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ALASKA STATE LEGISLATURE SENATE EDUCATION STANDING COMMITTEE April 9, 2019 9:00 a.m. MEMBERS PRESENT Senator Gary Stevens, Chair Senator Shelley Hughes, Vice Chair Senator Chris Birch Senator Mia Costello Senator Tom Begich MEMBERS ABSENT All members present COMMITTEE CALENDAR CONFIRMATION HEARING(S): Professional Teaching Practices Commission Todd Smoldon - Willow Tammy Van Wyhe - Glenallen Janine Todd - Delta Junction - CONFIRMATION(S) ADVANCED SENATE BILL NO. 56 "An Act relating to health education and physical activity requirements for students in grades kindergarten through eight; and establishing the Thursday in February immediately following Presidents' Day as PLAAY Day." - BILL HEARING CANCELED PREVIOUS COMMITTEE ACTION No previous action to record WITNESS REGISTER JANINE TODD, Appointee Professional Teaching Practices Commission Delta Junction, Alaska POSITION STATEMENT: Testified as appointee to the Professional Teaching Practices Commission. TAMARA VAN WYHE, Appointee Professional Teaching Practices Commission Juneau, Alaska POSITION STATEMENT: Testified as appointee to the Professional Teaching Practices Commission. TODD SMOLDON, Appointee Professional Teaching Practices Commission Willow, Alaska POSITION STATEMENT: Testified as appointee to the Professional Teaching Practices Commission. PATRICK MAYER, President Alaska Superintendents Association Alaska Council of School Administrators; Superintendent Yakutat School District Yakutat, Alaska POSITION STATEMENT: Supported confirmation of Chris Reitan and Tamara Van Wyhe to the Professional Teaching Practices Commission. MATT EISENHOWER, President Ketchikan School Board Ketchikan, Alaska POSITION STATEMENT: Shared his district's experience on the Professional Teaching Practices Commission's role in Alaska. BRITTANY HARTMANN, Legislative Liaison Department of Education and Early Development (DEED) Juneau, Alaska POSITION STATEMENT: Answered question about the Professional Teaching Practices Commission budget. ACTION NARRATIVE 9:00:31 AM CHAIR GARY STEVENS called the Senate Education Standing Committee meeting to order at 9:00 a.m. Present at the call to order were Senators Costello, Birch, Hughes, Begich, and Chair Stevens. ^CONFIRMATION HEARING(S): Professional Teaching Practices Commission CONFIRMATION HEARING(S): Professional Teaching Practices Commission 9:00:46 AM CHAIR STEVENS announced the consideration of the governor's appointees to the Professional Teaching Practices Commission (PTPC). He asked Janine Todd to speak to the strengths she brings to the commission, why she is interested in serving, and any goals she may have. 9:01:47 AM JANINE TODD, Appointee, Professional Teaching Practices Commission, Delta Junction, provided her background, including that next month she will have completed her 33rd year of teaching. She said that she has spent the past 28 years with the Delta Greely School District. She offered her belief that she brings discernment to the commission. While it is heartbreaking to think of teachers losing their certifications, it is critical for teachers' actions to follow the code of ethics. She offered her belief that she has the ability to analyze the facts presented in cases and to make the hard decisions necessary to protect students, staff, and the profession. She was appointed in June to fill a teacher's position on the commission. Along with Melody Mann, the PTPC's executive director, she attended a conference in Portland, Maine, of the National Association of State Directors of Teacher Education and Certification (NASDTEC), which is a clearing house for checking on teacher backgrounds. She learned a significant amount about professional teaching practices from legal and teaching professionals. She also heard from victims about their traumatic experiences and recovery processes. MS. TODD said that it has been a privilege to serve on the PTPC for the past seven months. It has given her the opportunity to give back to her profession. She offered her sense that the PTPC often has been viewed negatively since it is the body that imposes sanctions and revokes certificates of teachers who engage in illegal and unethical conduct. However, the commission helps to safeguard students and staff, she said. This commission ensures that the best possible educators are providing the best education to their students. The PTPC also provides input on the teacher preparation program, the certification process, and the application for teacher certification. For example, the PTPC changed the teacher application forms to make it easier for Ms. Mann to identify people who should not seek teacher positions based on their history. The PTPC also offers professional development to districts on the PTPC's role and function and on the code of ethics. From her perspective, the PTPC works very well. She said that issues are reported, investigations are conducted, and decisions are made. The commission has made positive strides in improving its reputation throughout the state. She highlighted her goal to increase awareness, so teachers know about the PTPC and the commission's role. Second, she would like to change attitudes, so when the PTPC was mentioned, rather than being viewed as "police" that the word "advocate" would come to mind. CHAIR STEVENS said the committee lacks knowledge about the commission's function and role. He asked whether the PTPC has revoked any teacher certificates during her short time serving on the commission. MS. TODD explained the PTPC's process. When cases are first reported to the PTPC, the executive director, investigates and make recommendations to the commission. The commission would review the evidence and confirm the director's decision or reject it and propose its own decision. She said that thus far she has only been involved in one-year suspensions. She said she initially thought that most cases relate to teacher or staff offenses against children or immoral behavior, but most relate to breaking contracts. CHAIR STEVENS said that all teachers are aware of the commission, but often outsiders are not. He remarked that it would be good for people to know the commission exists. 9:08:57 AM SENATOR BIRCH pointed out Ms. Todd's affiliation with the National Education Association (NEA), the union representing many of the teachers. He asked about the interplay between the commission, school districts, e.g., the employees, and the union. He said he assumed inappropriate behavior would first be reported to the employer. He asked how the commission and the employee's union representative would become involved. MS. TODD related her understanding that anyone, including an administrator, could report a complaint directly to the PTPC. She explained that the PTPC can be used in many ways, such as determining whether a teacher has any violations that were investigated by the PTPC. She has been a [NEA] union member her whole career. She viewed participation in a professional organization, such as the NEA, as important. Staff members can bring issues to the [NEA] to seek help. However, the union does not supersede any code of ethics. Any violation of the code of ethics would be reported to the PTPC for investigation. In fact, the union would not intervene or interfere in a PTPC investigation, she said. The [NEA's] role is to enforce contract issues, not code of ethics issues. SENATOR BIRCH said he found that helpful. The committee has previously heard that many first-time teachers come from out of state because the state cannot produce enough teachers within Alaska. He asked whether the PTPC would retrieve information outside of Alaska on teaching practices for prospective employees. MS. TODD answered that the commission conducts background checks. She highlighted that the PTPC uses the National Association of State Directors of Teacher Education and Certification (NASDTEC), which is a national clearinghouse and repository for actions taken against educator licenses or certificates. The districts and the PTPC can use the PTPC to check potential employees since the teachers with any disciplinary actions are flagged. SENATOR BIRCH asked if the NASDTEC was primarily a clearinghouse for educators. MS. TODD responded that NASDTEC pertains to teacher education and certification. She said she did not believe NASDTEC included classified employees, such as teacher aides. 9:13:11 AM CHAIR STEVENS asked what time commitment members make when serving on the PTPC. MS. TODD replied that she has not yet attended a commission hearing. The hearing would be more like a court case, she said. Typically, the PTPC holds three scheduled meetings during the school year that span one or two days, depending on the number of cases on the agenda, she said. Prior to the meeting members receive a packet of information in preparation for the meeting. This information must be destroyed after members read the packets, due to confidential information, she said. SENATOR BEGICH asked what the phrase "breaking contract" means. MS. TODD replied it pertained to teachers who signed their contract and then did not fulfill their commitment. SENATOR BEGICH asked what "advocate" means to her. MS. TODD said that the PTPC tends to be viewed as a disciplinary agency. She suggested the PTPC might need to provide outreach and staff development on the code of ethics and the PTPC's function. She offered her belief that teachers throw out the PTPC's periodic newsletter that reports case outcomes and any updates of the code of ethics, in part, because of a lack of understanding about the PTPC's function and purpose. As an advocate, she would like teachers to view the PTPC as a resource rather than to only call the commission when problems arise. SENATOR BEGICH said he thought it was a good goal. He recalled she mentioned that she had not reviewed any cases based on immoral or unethical conduct yet. He asked her to describe what would constitute immoral or unethical. MS. TODD replied that immoral conduct would be teachers having inappropriate relationships with students. Although she has not dealt with that type of case, she was aware of previous cases in which high school teachers were dating students. She characterized immoral or unethical behavior as "crossing the line." 9:17:32 AM SENATOR BEGICH agreed that [sexual] relationships between teachers and students were clearly immoral, illegal, and unethical because of the authority teachers have over students. He asked whether how teachers comport themselves in their private lives would have an impact on any decisions she might make. MS. TODD responded that she was unsure if the commission would even know about teachers' personal lives. She was unsure how relationships such as adulterous relationships would be reported. SENATOR BEGICH asked if it were, how she would react. MS. TODD replied that she would review the teacher's code of ethics for guidance on whether it speaks to that and if any consequences were given. She was unsure of what the repercussions would be, such as losing teacher certification. SENATOR BEGICH remarked that he thought that was a good answer. She has been a member of the NEA union. He asked how her personal beliefs would affect this job or if she could set them aside and focus on the case in front of her. MS. TODD said that she could be impartial. She characterized her NEA participation as a completely different part of her life. She is a strong member of her union because she believes in local support of staff and the protection of their rights, but those rights do not include violations of the code of ethics. 9:20:38 AM SENATOR HUGHES asked how many cases the PTPC handles a year and if some cases never rise to that level because the districts, a superintendent, or principal had handled the matter without going to the PTPC. MS. TODD replied that she is not sure how many cases Ms. Mann reviews in a month or in a year. During the investigation process some matters are handled in-house by the district. The PTPC would not review or be aware of cases that the executive administrator determined was more appropriate for the district to handle. SENATOR HUGHES asked whether a certificate would be removed automatically in case of illegal activity or if a complaint must be filed. MS. TODD responded that she wished that she was more knowledgeable about that process. She previously mentioned the districts' investigative and disciplinary processes. In cases with illegal or criminal activity, the first step would be to put the teacher on leave, then the districts would conduct an investigation and refer it to the PTPC, if appropriate. She said she was unsure, but she thought automatic revocation would occur, depending on the severity of the case. SENATOR HUGHES expressed concerned that teachers who committed illegal acts would still maintain their teaching certificates even if these teachers had served time. She said it would allow those teachers to leave the state and teach some place outside Alaska. MS. TODD pointed out that every employment application contains a question that asks whether the applicant has ever been convicted or accused of any crime. Any applicants who check this box would be investigated, and if an applicant was accused but found innocent, the applicant could provide an explanation. She characterized this as the first level of flagging, which would be information captured by the clearinghouse. She reiterated that all applicants who check this box would be investigated. SENATOR HUGHES asked whether teachers undergo background checks as part of the certification process. MS. TODD answered yes, plus applicants also are fingerprinted. She said she hoped that districts would carefully review teacher applications. CHAIR STEVENS remarked that the legislature has a Legislative Ethics Commission. The legislature and commission are also very careful about legal issues. He asked whether the PTPC receives advice from the Department of Law. MS. TODD agreed the PTPC has an attorney available to assist it. SENATOR BEGICH said the statute requires recommendations for positions be submitted to the Professional Teaching Practices Commission (PTPC) for consideration. He related his understanding that she would fill the teacher representative position. He asked whether her name was submitted by a recognized professional organization. MS. TODD answered that her name was submitted by NEA-Alaska. 9:28:42 AM TAMARA VAN WYHE, Appointee, Professional Teaching Practices Commission, Juneau, said she is the representative for the Department of Education and Early Development (DEED) on the PTPC. Nearly her entire adult life has been dedicated to the field of education. In 1995, she and her husband moved from Minnesota to Alaska with their three small children. Over the last 24 years she has served in the Mat-Su, Anchorage, and Copper River School Districts in a multitude of positions in the classroom, school administration, and district offices. In 2004, she earned her certification from the National Board for Professional Teaching Standards. During her years at the district office, she led online and blended learning initiatives and coordinated the district's digital teaching initiative project. In 2015, she was recognized as the technology leadership award winner by the Alaska Society for Technology in Education (ASTE). In 2019, she left the superintendency of the Copper River School District to join DEED as the Division Director for Educator and School Excellence. She said her husband works as a farmer in the Copper River basin, her two sons work in education in Alaska, and her daughter is a graduate student at the University of Alaska Fairbanks. MS. VAN WYHE offered her belief that she brings a deep understanding and commitment to the code of ethics to the PTPC. Educators must hold themselves to a higher standard at all times because teachers serve as role models for children. As a school administrator she became familiar with the PTPC's investigatory process when concerns arose about staff conduct and PTPC reports were either considered or required. She expressed gratitude that the PTPC exists. According to their mission statement, the PTPC serves as a preventive and positive force in helping to enhance the professional performance of all educators so that the public's right to the best education possible for all of Alaska's students is adequately protected. MS. VAN WYHE said she is pleased to serve as DEED's representative because the PTPC's activities align with teacher quality, which falls within the Educator and School Excellence division. She said that she is passionate about educator quality. The PTPC plays an important role in ensuring that the educators who interact with Alaska students and stakeholders on a daily basis are committed to ethical behavior. The PTPC embodies a clear path for investigation and consequences when ethical lines are crossed, and contractual agreements have been broken. MS. VAN WYHE offered several suggestions. First, the PTPC's handbook for educators and other materials available to educators to inform schools about the PTPC and its role and processes should be updated. The handbook was last updated in 2011, and it needs to be refreshed even though it has not significantly changed. Second, communications and interactions have changed dramatically due to mobile devices and social media, so the PTPC could inform Alaska educators of ethical standards using social media. This tool could simultaneously caution the educators of their accountability as public authority figures since educators are teaching youth. 9:34:00 AM SENATOR COSTELLO remarked that she formerly was a classroom teacher who taught in three school districts in Alaska. She said she was impressed with Ms. Van Wyhe's resume. She asked whether Ms. Van Wyhe could provide the committee with information about the digital teaching initiative grant that she designed, authored and managed. She also expressed an interest in Ms. Van Wyhe's article, "When the Impossible Happens," and on the digital learning programs she also designed for the Copper River School District. SENATOR BEGICH noted that she spoke about illegal and unethical conduct. He asked her what immoral means to her. MS. VAN WYHE replied that individuals define immoral differently based on their personal beliefs and experiences. In terms of immoral behavior in education, she thought everyone could agree on certain things such as the focus always being on children's safety. It would be difficult to singularly define immoral because it is rooted in personal beliefs. She offered her belief that the PTPC could use it as an opportunity to provide various interpretations of immoral behavior to be considered by the commission and situations as a group. The PTPC was not a single stakeholder or individual making a decision related to immorality. Instead, the PTPC works collectively to make decisions, she said. SENATOR BEGICH reiterated that she said immorality was rooted in personal belief and that matters to him. He asked how it would affect her if a teacher's lifestyle outside of the classroom was one that did not match her personal beliefs. MS. VAN WYHE acknowledged that when she worked in the district office that many situations arose where an individual's lifestyle outside of school was troubling. Sometimes it pertained to personal relationships or substance use. The district would consider situations brought up by concerned parents or administrators or coworkers and determine whether something was "not okay" by whether it affected an individual's performance in the classroom. Although she might not always agree with an individual's lifestyle choice, the district had to determine whether the person's choice adversely influenced students in a classroom, and whether it affected the educator's ability to teach or fulfill a leadership role. If it had no bearing on the job, then the district would not take any action, she said. SENATOR BEGICH remarked that she made a nice connection between the two. 9:40:10 AM SENATOR BIRCH recalled earlier testimony about the NASDTEC clearinghouse as a means of assessing prospective education employees. He asked whether the commission used a rating for educators currently employed and if the PTPC was involved in staff reductions. MS. VAN WYHE replied that the PTPC does not have a role in staffing schools or reducing staff in cases of budget shortfalls. Those decisions fall completely outside the purview of the PTPC, she said. CHAIR STEVENS recalled earlier testimony that the PTPC did not want to be viewed as police and that the commission only dealt with reported activity from a parent or administrator. He asked her to expand on that process. MS. VAN WYHE responded that anyone could submit a report to the PTPC, but typically investigations begin at the school and district level. In fact, the vast majority of reports are made to principals, superintendents, or school boards, she said. Investigations are conducted at those levels before being referred to the PTPC. However, during the time she was a district administrator, some private individuals made reports directly to the PTPC. The commission's executive director would inform the school district that an investigation was being conducted based on a complaint. She clarified that the commission's role was not to seek out problems, but instead to address reported issues with the districts to seek resolution. SENATOR BEGICH noted that under AS 14.20.470, one power of the commission was to make recommendations to the board or to the school boards for improvements in the teaching profession. He said that was the positive, non-policing role of the commission that Ms. Todd and Ms. Van Wyhe mentioned. He remarked that it was nice to see the commission move to that next level. CHAIR STEVENS asked Todd Smoldon to introduce himself and highlight the strengths he would bring to the commission, relate his interest in serving, and any goals for the commission. 9:45:36 AM TODD SMOLDON, Appointee, Professional Teaching Practices Commission, Willow, briefly described his work history saying that he has been a teacher for 21 years, and has taught online courses for 14 years. He has taught Japanese, economics, and history at East High School in Anchorage for 17 years. He has been teaching at North Star Behavioral Hospital for the last four years. He holds an economics degree and a Master of Arts in Teaching from the University of Alaska Anchorage. He offered his belief that he brings an understanding of diverse student populations to the commission. East High School is the most diverse school in the country, he said. He has also worked in special schools with at-risk students struggling with mental health issues. During this time, he has gained a wide perspective on how all students learn differently, which presents challenges for teachers, he said. MR. SMOLDON expressed an interest in serving on the PTPC because it is important for professional educators to maintain professionalism. Further, a significant portion of the state's budget is spent on K-12 education, and the public must have trust in educators. Any issues with professionals working in the education system can be addressed, he said. He was encouraged to hear his fellow commissioner appointees discuss the advocacy and professional development role of the commission. As educators, commission members must act as police and enforce and investigate complaints. However, the commission seeks to maintain the professionalism of educators, he said. The commission also wants to bolster teachers and provide expectations, and a method for educators to grow. He echoed Ms. Todd's goal to make the commission more visible to professionals, and to assist teachers in professional development, ethics and professional practices. He said he hoped the commission would have more visibility in the communities, so parents become more aware of the PTPC's function. This could encourage parents to report unprofessional conduct to principals and school districts. CHAIR STEVENS said he favors public outreach to ensure that parents and others know to report complaints on conduct to the commission. SENATOR BEGICH said he liked the idea of advocacy. He asked Mr. Smoldon how he would define immoral behavior as a member of the commission. MR. SMOLDON answered that his personal definition was not important in terms of the commission's function and role since a written code of ethics for professional educators exists. The investigation process uses the written code of ethics. The only time that PTPC would make a determination would be in instances in which an educator's personal life spilled into the classroom. 9:53:25 AM SENATOR BEGICH said that anyone can look up the definitions for illegal, immoral, or unethical in the statutes. He asked if parents were to bring a complaint to the commission about an educator's lifestyle that the parents disagreed with, what his reaction would be and how that would that affect his decision. MR. SMOLDON reiterated the investigative process the previous appointees outlined. When a parent or anyone files an ethics complaint, the principal and local school district would make a determination based on the code of ethics. If it advanced to the PTPC, the executive director would investigate and determine whether the commission should consider some kind of sanction. There are many disciplinary levels that could be used, from warnings to license suspension or revocation. He related his understanding that the offense would need to be an egregious offense, with agreement by many people before the PTPC's commissioners review the case using the code of ethics to determine whether it has a negative impact on the classroom. He did not believe a commissioner's personal moral views determined the outcome since the outcome was the function of the many people involved in process. SENATOR BEGICH said he appreciated the answer. He asked whether a professional teacher organization had submitted his name as the classroom teacher representative to serve on the PTPC. MR. SMOLDON replied that his name was submitted through an alternative process, by gathering signatures of 25 or more teachers who agreed to him being considered for the position. CHAIR STEVENS highlighted that Mr. Smoldon currently serves as the director of Governor Dunleavy's Mat-Su Valley office. MR. SMOLDON agreed. He related his understanding that the [Department of Law] and the PTPC's attorney agreed that he was eligible to serve on the PTPC. SENATOR BEGICH asked whether he was currently teaching. MR. SMOLDON answered that he is on a leave of absence, so technically he is still considered a classroom teacher. SENATOR BEGICH asked whether the director's job was a fulltime position. MR. SMOLDON answered yes. 9:58:21 AM SENATOR BEGICH expressed an interest in reviewing the legal opinion that found a full-time director position was considered a classroom teacher's job. He said he was confused by that statement. MR. SMOLDON explained that since he was on a leave of absence from teaching, he was technically still considered a classroom teacher. SENATOR BEGICH said he would ask Legislative Legal to provide an opinion on the matter. The point of having an active classroom teacher serve on the PTPC is to provide the perspective of the teacher's direct experience. CHAIR STEVENS asked Mr. Smoldon if he saw any conflict by serving as director of the governor's office in Mat-Su. MR. SMOLDON answered that the two positions were completely separate. As director of the Mat-Su office he serves as the liaison between local governments, constituents, nonprofits and business organizations in the Mat-Su Valley. As a member of the PTPC he would determine whether someone met the professional and ethical practices for being an educator. Based on his 20 years of classroom experience, he said he was confident that he could do so. 10:00:49 AM SENATOR COSTELLO requested an updated resume to show all his employment history, including his position as director. SENATOR HUGHES asked whether he was appointed to serve on the PTPC before he became director of the governor's Mat-Su office. She further asked if the legal opinion was issued after that time. MR. SMOLDON said he was appointed to the commission in December 2018 to serve on the PTPC. He was hired to serve in the director's position in March 2019, which is why his resume was not current. He said he certainly understood the committee's concerns and would send an updated resume. CHAIR STEVENS announced that he would reschedule the confirmation hearing for Chris Reitan, Craig, appointee, PTPC since he was unavailable today. 10:03:09 AM SENATOR HUGHES asked Mr. Smoldon for the time limit of his leave of absence. MR. SMOLDON answered that his current leave of absence was through this school year. He would decide whether to apply for another year of leave of absence at that time. SENATOR HUGHES asked if the Anchorage School District has any time restriction for a leave of absence. MR. SMOLDON replied that an additional year for a leave of absence is the most that he could take. SENATOR BEGICH said that the PTPC appointment is for a three- year term. As a point of information and consideration, he offered his belief that Mr. Smoldon could not be absent from the classroom for that period of time since he serves in a qualified position. SENATOR HUGHES asked if he planned to return to teach the third year. MR. SMOLDON replied that he has not yet decided. 10:05:43 AM CHAIR STEVENS opened public testimony on the confirmation hearings. 10:05:59 AM PATRICK MAYER, President, Alaska Superintendents Association, Alaska Council of School Administrators, Superintendent, Yakutat School District, Yakutat, expressed support for superintendent Chris Reitan as the PTPC representative for the Alaska Superintendents Association. He has 21 years of experience in Alaska and worked through numerous due process scenarios during his career. He served as superintendent in Galena and now in Craig. He offered his belief that Mr. Reitan would bring a strong rural perspective to the commission, and that he received unanimous support from the association. He related Mr. Reitan has exhibited the highest ethical standards and will serve the mission of the PTPC in an exemplary manner. Ms. Van Wyhe, a former member of the Alaska Superintendents Association and the former superintendent of the Copper River School District, will also serve with distinction, he said. CHAIR STEVENS said the committee would remember his testimony when the committee takes up Chris Reitan's confirmation hearing. 10:07:57 AM MATT EISENHOWER, President, Ketchikan School Board, Ketchikan, said that last year one of Ketchikan's teachers was arrested and prosecuted for a sexual assault case and pled guilty. When the KSB reviewed this case, it looked at three levels. Law enforcement handled the police investigation, the school handled the district's policy and procedures in-house, but the third piece related to violations of ethical standards the PTPC could have enforced if the commission had been informed. He explained one standard in 20 AAC 10.900 defined sexual conduct, which includes explicit sexual jokes, stories and flirtatious or sexual comments. The school district found those behaviors present during its investigation. He offered his belief that the school district did not believe it had an obligation to report to the PTPC those obvious ethical standard failures. However, if the PTPC is not aware of ethical violations, it cannot take action. Principals would hold information [confidentially] similar to how human resources personnel handle personal information. He offered his belief that if more people had been made aware of some of the offender's early behaviors described by as "creepy," the district and PTPC could have acted earlier. One consequence of "creepy behavior" not being reported to the PTPC is that an educator could move to another school district. In this way, the "creepy" behavior would not be tracked, and more students would be put at risk, he said. He expressed gratitude to the districts for an awareness of the importance of the PTPC, particularly as it relates to student safety and protection. CHAIR STEVENS thanked him for sharing that school districts did not have any obligation to report the behavior. He asked if he had any suggestions on how to resolve these issues. MR. EISENHOWER answered that the districts and PTPC were addressing the issue. Unfortunately, the pain his community and district experienced would lead these conversations. As a lay person, he will listen to advice from the experts and the executive director. He serves as the board president and hospital administrator. He heard all three candidates indicate communication between the districts and the PTPC needed to be addressed. 10:12:01 AM SENATOR BEGICH asked whether he had any prior awareness of the Professional Teaching Practices Commission (PTPC) being in Ketchikan. MR. EISENHOWER related his understanding that the commission has not had a presence in Ketchikan, although Ms. Mann spoke with him after the fact. He has been focused on what should have taken place before the incidents. The district has since changed some procedures to make teachers and staff aware of the policy, but professional standards go beyond that. He was not sure who would be in charge of that outside of the PTPC. SENATOR BEGICH said that he and Senator Stevens both serve on the Senate Finance Education Subcommittee. He was fairly sure that the PTPC budget was not cut. All three prospective appointees have indicated an interest in making recommendations to school boards. However, he suggested perhaps a more aggressive role that includes visiting communities as outreach might be needed, but he was unsure how the budget would affect travel. Discussing how to be more proactive is a great charge for the commission, he said. He pointed out that all three appointees have expressed an interest in it. SENATOR HUGHES recalled that Mr. Eisenhower highlighted the problem that the inappropriate behaviors were kept confidential. He also mentioned the importance of making policy and procedure changes. She asked whether districts should have a policy about taking certain matters to the PTPC. She said she typically advocates for local control. She asked whether a state policy was needed so that when students report this type of inappropriate behavior, the allegations would go to the PTPC as well as to law enforcement. 10:16:07 AM MR. EISENHOWER replied that his district standpoint has changed local policy. He characterized the education culture of typically allowing principals to handle these issues. However, he believes that is a flawed approach. He advocated for the PTPC to serve as a de facto human resources department, especially as it relates to the teachers' professional code of ethics. He was unsure what needed to be done to implement that change. It might simply require a cultural change for the PTPC to serve in that capacity. He acknowledged that teachers were employees of local districts. However, the majority of school funding is provided by the state. He suggested that the PTPC could figure out a better way to require school districts to report misconduct. He might not be aware of statutes that might address this, but that is not in practice, he said. SENATOR HUGHES characterized it is as a "fuzzy or gray area." While flirtatious remarks or jokes do not indicate a crime has been committed, the inappropriate behavior certainly would raise a red flag. CHAIR STEVENS asked whether he served as the president of the Ketchikan School Board during the time of the sexual assault case. MR. EISENHOWER answered that he served as a school board member at the time. 10:19:14 AM SENATOR BIRCH expressed frustration about the separation of authority, such as districts' labor contracts that the state funded yet cannot participate in. He expressed concern about how the state would transfer information about "creepy" behavior from school districts to the commission. He pointed out that many people are socially inept, so one person's "creepy" behavior might be another's "inappropriate" comment. From his experience in managing a human resources office, he learned the need to respect the relationship between the employer and the employee. He expressed concern how a school board could share such comments to the commission without harming the employee, and yet still protect the public interest. He acknowledged that his expertise was in engineering since he is a professional engineer, not a human resources professional. He suggested that Mr. Eisenhower as a hospital administrator may also have encountered these issues. MR. EISENHOWER replied that hindsight is 20/20. He recalled some early student reports in the Ketchikan sexual assault case related to touches and hugs that seemed inappropriate and "creepy" to some students. He now realizes that the perpetrator was "conditioning" some of his students, he said. The challenge was knowing when to intervene. He related his view that the code of ethics was very clear, such that anyone observing inappropriate behavior has an obligation to report it to the commission. The PTPC staff in conjunction with the district would subsequently conduct an investigation. He related his understanding that some people believe some of this behavior is viewed culturally. He advocated the need to teach professionals to report what the teacher sees, but not to take ownership, judge, or investigate. The ethical standards for teachers are very high and these standard professionals should be held to those standards. He acknowledged that if the KSB had done something differently early on, the outcomes would not have been the same. SENATOR BEGICH noted that Ms. Van Wyhe said it becomes an issue when the behavior influences or affects classroom behavior. In this case, students reporting inappropriate behavior affected classroom behavior. He said that influencing classroom behavior was not in statute, but maybe the committee may wish to explore that some more. 10:23:24 AM CHAIR STEVENS thanked Mr. Eisenhower for coming forward. He said that the committee appreciated the difficulties the KSB president has experienced. He asked Ms. Hartmann to explain the funding for the PTPC. BRITTANY HARTMANN, Legislative Liaison, Department of Education and Early Development (DEED), Juneau, said the only funding for the PTPC was for the executive director's salary. She related that the budget included a 50 percent travel reduction, but that reduction was not included in the House version. SENATOR BEGICH said the proposed travel budget had a 50 percent cut, but that was not in the House version of the budget. 10:24:21 AM MS. HARTMANN agreed. CHAIR STEVENS asked Ms. Hartmann to relay to the commissioner the committee's desire for the PTPC to have more presence in the districts and communities. MS. HARTMANN agreed to do so. SENATOR HUGHES asked if the PTPC provides training that districts can use for in-services or annual ethics training similar to the training that legislators receive. MS. HARTMANN replied that she was not certain, but she would check and report back to the committee. CHAIR STEVENS said he would like some information about in- service training regarding the PTPC. SENATOR BEGICH said that Ms. Van Wyhe was still online and may know whether the PTPC has training curriculum about ethics. 10:26:56 AM CHAIR STEVENS asked whether teacher in-service training included information about the PTPC. MS. VAN WYHE said some resources were available on the PTPC website. As she mentioned during her testimony, a handbook for educators has not been updated since 2012. The PTPC presents basic materials in the fall, including the code of ethics. This was typically part of professional development and teacher evaluation activity throughout the year. She doesn't know that it is required, but it is a best practice that would be occurring in most districts across the state. CHAIR STEVENS asked her to report back to the committee about updating and refreshing the handbook and whether information about the PTPC is required in-service training. 10:28:42 AM CHAIR STEVENS closed public testimony and solicited a motion. 10:28:51 AM SENATOR HUGHES stated that in accordance with AS 39.05.080, the Senate Education Standing Committee reviewed the following and recommends the appointments be forwarded to a joint session for consideration: Professional Teaching Practices Commission Todd Smoldon - Willow Tammy Van Wyhe - Glenallen Janine Todd - Delta Junction 10:29:08 AM CHAIR STEVENS found no objection and the motion passed. 10:29:16 AM At ease. 10:29:20 AM CHAIR STEVENS reconvened the meeting. He said that signing the reports regarding appointments to boards and commissions in no way reflects individual members' approval or disapproval of the appointees; the nominations are merely forwarded to the full legislature for confirmation or rejection. 10:31:12 AM There being no further business to come before the committee, Chair Stevens adjourned the Senate Education Standing Committee at 10:31 a.m.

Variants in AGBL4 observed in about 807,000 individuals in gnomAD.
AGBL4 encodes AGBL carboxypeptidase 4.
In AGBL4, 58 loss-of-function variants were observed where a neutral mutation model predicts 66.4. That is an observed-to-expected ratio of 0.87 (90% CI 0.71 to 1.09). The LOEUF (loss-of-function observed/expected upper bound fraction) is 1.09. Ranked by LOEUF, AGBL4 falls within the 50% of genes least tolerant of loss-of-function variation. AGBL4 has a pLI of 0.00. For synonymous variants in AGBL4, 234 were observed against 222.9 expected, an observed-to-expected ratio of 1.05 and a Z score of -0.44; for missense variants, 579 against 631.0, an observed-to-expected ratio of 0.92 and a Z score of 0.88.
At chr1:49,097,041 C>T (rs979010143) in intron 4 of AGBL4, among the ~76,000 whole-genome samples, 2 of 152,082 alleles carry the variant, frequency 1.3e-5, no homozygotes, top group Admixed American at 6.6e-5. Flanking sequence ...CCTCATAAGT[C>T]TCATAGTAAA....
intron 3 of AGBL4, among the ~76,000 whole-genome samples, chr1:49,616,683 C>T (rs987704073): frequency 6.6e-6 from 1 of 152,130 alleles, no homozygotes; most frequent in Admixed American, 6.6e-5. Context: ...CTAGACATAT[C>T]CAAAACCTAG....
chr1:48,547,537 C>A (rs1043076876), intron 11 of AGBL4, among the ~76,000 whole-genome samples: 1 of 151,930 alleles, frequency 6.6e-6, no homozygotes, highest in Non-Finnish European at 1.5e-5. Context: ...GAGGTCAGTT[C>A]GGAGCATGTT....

SEDC 4/9/2019 9:00:00 AM
Confirmation Hearing - Professional Teaching Practices Commission - April 09, 2019